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Why do my 100 ohm resistors keep Burning up?

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orig:I have a 120 V 1.2 amp electric fan motor, im using 100 ohm resistors and they keep burning up. What am I doing wrong? Thank you Bonobo and Rowlfe! Do you know what part i ...show more
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Excellent! you did many researches, very fun and enjoyable.
according to ur description, I wonder where is that resistor in the circuit? In parallel or in series?
ur calculation is simply applicable if the resistor is in series with the other components.

and u are right, if it is installed in series with the other components, it must be a 144W 100Ohm resistor. Let me tell u the truth, this resistor will be very expensive and big in size. for electronics application, most of the resistors are in 1/4W, and some are in 1/2W, the 1W one is not very often.

To make a higher power resistor, u can apply the parallel resistor equation:

1 / R_TTL = 1/R_1 + 1/R_2 + 1/R_3 + ... and the final wattage should be raised.

For a 1/2W 100 Ohm resistor, maximum current flow cannot exceed 5mA.
If ur fan current is 1.2A, then 1.2 / 5e-3 = 240 pcs of 100ohm resistors.

So that, go to any electronics surplus store to buy 240 pieces 24K Ohm resistors, put them all in parallel, then u've built a 144W 100 Ohm resistor. It can support up to 1.2A current flow when 120V is applied.

DON'T DO THIS, it causes too much and I pretty sure, the broken component is not a resistor. If you replace the resistor with a fuse holder, and install it with a 2A fuse. I pretty sure the fan can run!

I guess that piece of animal is a thermal fuse, it is used to protect the fan circuit from over heated.
It occurs when the fan gets older, and there is some short circuit inside its coil, the current flow and temperature will rise and it has fire hazard. So that, the thermal fuse is necessary instead of a general 2A current fuse.

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5 out of 5
Thank you, very informative, solder'ed it up and the motor has been running for hours! THANK YOU!
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  • jcherry_99 answered 4 years ago
    Actually you should have a resistor that is at least 2 or 3 times the wattage you calculate. It will always get hot. You can put a bunch of these things in series and parallel to make 100 ohms. You might also try light bulbs in series with the fan. They're made for high wattages. They could handle what you are trying to do and the "resistor" would only cost you the price of a base and a scrap piece of wood to mount it on.
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  • Technobuff answered 4 years ago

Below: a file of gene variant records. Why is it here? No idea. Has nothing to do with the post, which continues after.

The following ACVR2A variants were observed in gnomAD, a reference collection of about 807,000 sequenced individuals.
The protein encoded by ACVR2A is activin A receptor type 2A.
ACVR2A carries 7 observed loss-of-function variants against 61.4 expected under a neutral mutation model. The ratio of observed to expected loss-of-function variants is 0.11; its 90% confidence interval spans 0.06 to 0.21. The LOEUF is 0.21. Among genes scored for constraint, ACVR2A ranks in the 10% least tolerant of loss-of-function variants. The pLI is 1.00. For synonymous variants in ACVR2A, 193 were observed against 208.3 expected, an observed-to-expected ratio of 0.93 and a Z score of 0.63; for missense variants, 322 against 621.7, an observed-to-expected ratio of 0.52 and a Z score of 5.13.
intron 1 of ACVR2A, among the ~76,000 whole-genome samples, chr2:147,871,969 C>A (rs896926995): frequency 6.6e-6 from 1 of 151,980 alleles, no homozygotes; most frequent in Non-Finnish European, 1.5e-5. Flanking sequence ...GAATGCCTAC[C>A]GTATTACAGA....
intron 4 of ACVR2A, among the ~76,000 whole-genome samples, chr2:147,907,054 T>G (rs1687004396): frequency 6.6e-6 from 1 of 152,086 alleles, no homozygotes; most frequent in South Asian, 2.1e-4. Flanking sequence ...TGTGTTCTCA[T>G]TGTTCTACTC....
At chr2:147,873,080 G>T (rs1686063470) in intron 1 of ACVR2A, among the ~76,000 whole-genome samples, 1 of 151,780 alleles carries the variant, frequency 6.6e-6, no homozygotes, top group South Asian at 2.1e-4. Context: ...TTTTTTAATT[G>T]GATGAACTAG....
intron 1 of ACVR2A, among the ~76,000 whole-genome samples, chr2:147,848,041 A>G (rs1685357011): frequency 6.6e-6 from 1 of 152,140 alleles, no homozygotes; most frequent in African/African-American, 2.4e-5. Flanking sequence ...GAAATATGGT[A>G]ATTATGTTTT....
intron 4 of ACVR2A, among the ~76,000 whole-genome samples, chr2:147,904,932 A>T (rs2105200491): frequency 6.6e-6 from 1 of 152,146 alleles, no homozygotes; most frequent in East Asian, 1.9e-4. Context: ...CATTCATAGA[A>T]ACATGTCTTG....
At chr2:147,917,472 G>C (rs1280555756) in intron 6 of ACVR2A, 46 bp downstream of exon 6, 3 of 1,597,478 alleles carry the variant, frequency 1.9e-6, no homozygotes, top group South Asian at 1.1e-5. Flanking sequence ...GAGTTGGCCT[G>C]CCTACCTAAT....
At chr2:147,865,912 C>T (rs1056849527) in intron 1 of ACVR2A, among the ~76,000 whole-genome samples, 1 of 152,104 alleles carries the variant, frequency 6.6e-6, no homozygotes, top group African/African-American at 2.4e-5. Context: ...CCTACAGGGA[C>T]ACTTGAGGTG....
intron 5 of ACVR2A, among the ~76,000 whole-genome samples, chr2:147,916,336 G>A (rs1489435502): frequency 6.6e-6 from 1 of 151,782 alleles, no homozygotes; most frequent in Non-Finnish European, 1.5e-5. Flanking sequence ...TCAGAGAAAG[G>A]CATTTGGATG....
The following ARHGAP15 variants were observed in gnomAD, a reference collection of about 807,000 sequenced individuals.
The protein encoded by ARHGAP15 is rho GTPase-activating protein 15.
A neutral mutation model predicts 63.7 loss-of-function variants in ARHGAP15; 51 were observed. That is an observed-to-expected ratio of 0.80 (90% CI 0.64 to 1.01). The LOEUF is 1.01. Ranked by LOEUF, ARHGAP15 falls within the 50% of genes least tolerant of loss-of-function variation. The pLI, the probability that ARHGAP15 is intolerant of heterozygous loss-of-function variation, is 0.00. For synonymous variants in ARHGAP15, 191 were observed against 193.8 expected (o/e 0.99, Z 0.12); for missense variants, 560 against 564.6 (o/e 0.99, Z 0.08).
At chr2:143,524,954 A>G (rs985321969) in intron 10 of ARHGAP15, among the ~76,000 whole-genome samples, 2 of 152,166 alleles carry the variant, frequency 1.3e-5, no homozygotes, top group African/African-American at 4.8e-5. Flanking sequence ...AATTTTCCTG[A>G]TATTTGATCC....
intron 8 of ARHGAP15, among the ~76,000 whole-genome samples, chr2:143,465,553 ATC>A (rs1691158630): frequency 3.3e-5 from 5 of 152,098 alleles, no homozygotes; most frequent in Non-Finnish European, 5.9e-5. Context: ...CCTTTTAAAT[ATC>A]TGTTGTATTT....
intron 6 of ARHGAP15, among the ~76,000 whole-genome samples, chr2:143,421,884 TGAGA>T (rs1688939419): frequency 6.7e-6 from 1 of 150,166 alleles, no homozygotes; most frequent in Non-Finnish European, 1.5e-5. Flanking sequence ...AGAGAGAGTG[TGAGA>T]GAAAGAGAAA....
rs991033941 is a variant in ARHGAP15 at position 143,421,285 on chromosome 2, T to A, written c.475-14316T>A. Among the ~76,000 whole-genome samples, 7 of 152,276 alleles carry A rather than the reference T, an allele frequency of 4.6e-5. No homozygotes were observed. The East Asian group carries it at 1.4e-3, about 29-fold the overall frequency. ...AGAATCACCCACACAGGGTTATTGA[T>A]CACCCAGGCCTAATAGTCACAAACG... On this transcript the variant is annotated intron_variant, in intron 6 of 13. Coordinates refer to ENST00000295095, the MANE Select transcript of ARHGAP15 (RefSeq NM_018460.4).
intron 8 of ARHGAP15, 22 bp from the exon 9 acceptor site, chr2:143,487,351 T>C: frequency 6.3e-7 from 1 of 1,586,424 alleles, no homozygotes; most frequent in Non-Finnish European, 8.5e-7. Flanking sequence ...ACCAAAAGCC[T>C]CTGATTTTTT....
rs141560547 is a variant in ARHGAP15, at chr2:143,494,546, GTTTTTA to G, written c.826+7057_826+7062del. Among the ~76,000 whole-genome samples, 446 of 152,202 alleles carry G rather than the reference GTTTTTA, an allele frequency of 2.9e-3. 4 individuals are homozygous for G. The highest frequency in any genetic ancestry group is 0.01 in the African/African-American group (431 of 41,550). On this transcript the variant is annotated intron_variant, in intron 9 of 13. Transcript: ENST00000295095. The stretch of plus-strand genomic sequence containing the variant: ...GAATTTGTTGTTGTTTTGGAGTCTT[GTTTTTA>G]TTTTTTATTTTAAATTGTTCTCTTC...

I would suggest the part you "broke" was a thermal fuse of some type, either a self- resetting or single- shot device.
    Try wiring a fuse of about 3A. in place of your resistor. If that blows, you have a worse fault, and you can ditch the fan.
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  • why do my 100 ohm resistors keep Burning up?
    orig:I have a 120 V 1.2 amp electric fan motor, im using 100 ohm resistors and they keep burning up. What am I doing wrong?

    Thank you Bonobo and Rowlfe! Do you know what part i should be using if not a resistor?

    Well let me explain my whole scenario... The exhaust fan in my bathroom stop working, so i took it down and disassembled it. it revealed a 120v/60hz 1.2A electric motor(A shaded pole AC motor - i discoverd after some reasearch.) I began ripping off the cover of the coils to see if there was a broken connection of some kind, in doing so i crushed something that looked like a resistor(without any signafiying color bands). It was in too many pieces to tell what it was or said on it. So i did some research, discovered ohms law, did the math and realized i needed a 100ohm resistor to achieve 1.2 amps from 120v. I got to radio shack and picked up 1/4 and 1/2 watt 100 ohm resistors. I quicky learned about the power of watts. (they set on fire pretty quickly.) After further research I realized i would need a resistor with a 144 watt power rating and 100 ohms. and they just don't make those (actually they do, but i'd have to order it oversea's for $10+shipping when a brand new motor is $20) Went back to radio shack and got their highest rated resistor, 5 watts. Solder'ed it up and the motor ran great! Except the resistor got HOT. I nearly burned off my fingerprint after a less-than-a-minute run. I figured this wasn't safe. And i have not ran the power supply directly to the coil in fear of what might happen.

    SO HERE I AM. you mentioned i should probably be using something other than a resistor. What would one suggest. What was that part I broke? Thank You! (By the way, i have become obsessed with electromagnetic motors)
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